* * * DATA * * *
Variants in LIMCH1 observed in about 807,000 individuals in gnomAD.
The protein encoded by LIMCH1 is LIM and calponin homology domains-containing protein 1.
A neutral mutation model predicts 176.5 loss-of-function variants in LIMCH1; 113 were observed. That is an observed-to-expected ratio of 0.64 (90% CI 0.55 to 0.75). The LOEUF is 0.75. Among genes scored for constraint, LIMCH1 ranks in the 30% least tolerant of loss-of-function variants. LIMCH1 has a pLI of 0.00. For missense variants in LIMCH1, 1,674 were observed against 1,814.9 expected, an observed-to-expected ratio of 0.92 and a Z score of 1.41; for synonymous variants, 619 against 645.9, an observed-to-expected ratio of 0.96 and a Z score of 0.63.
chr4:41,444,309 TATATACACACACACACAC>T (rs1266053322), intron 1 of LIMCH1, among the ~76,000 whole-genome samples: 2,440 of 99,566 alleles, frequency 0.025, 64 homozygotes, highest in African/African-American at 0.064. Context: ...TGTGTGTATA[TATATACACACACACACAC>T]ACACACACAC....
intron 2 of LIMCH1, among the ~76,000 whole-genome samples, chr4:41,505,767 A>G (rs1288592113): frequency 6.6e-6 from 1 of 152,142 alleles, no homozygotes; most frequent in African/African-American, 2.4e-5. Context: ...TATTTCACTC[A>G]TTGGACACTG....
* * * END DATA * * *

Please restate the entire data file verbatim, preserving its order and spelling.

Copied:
Variants in LIMCH1 observed in about 807,000 individuals in gnomAD.
The protein encoded by LIMCH1 is LIM and calponin homology domains-containing protein 1.
A neutral mutation model predicts 176.5 loss-of-function variants in LIMCH1; 113 were observed. That is an observed-to-expected ratio of 0.64 (90% CI 0.55 to 0.75). The LOEUF is 0.75. Among genes scored for constraint, LIMCH1 ranks in the 30% least tolerant of loss-of-function variants. LIMCH1 has a pLI of 0.00. For missense variants in LIMCH1, 1,674 were observed against 1,814.9 expected, an observed-to-expected ratio of 0.92 and a Z score of 1.41; for synonymous variants, 619 against 645.9, an observed-to-expected ratio of 0.96 and a Z score of 0.63.
chr4:41,444,309 TATATACACACACACACAC>T (rs1266053322), intron 1 of LIMCH1, among the ~76,000 whole-genome samples: 2,440 of 99,566 alleles, frequency 0.025, 64 homozygotes, highest in African/African-American at 0.064. Context: ...TGTGTGTATA[TATATACACACACACACAC>T]ACACACACAC....
intron 2 of LIMCH1, among the ~76,000 whole-genome samples, chr4:41,505,767 A>G (rs1288592113): frequency 6.6e-6 from 1 of 152,142 alleles, no homozygotes; most frequent in African/African-American, 2.4e-5. Context: ...TATTTCACTC[A>G]TTGGACACTG....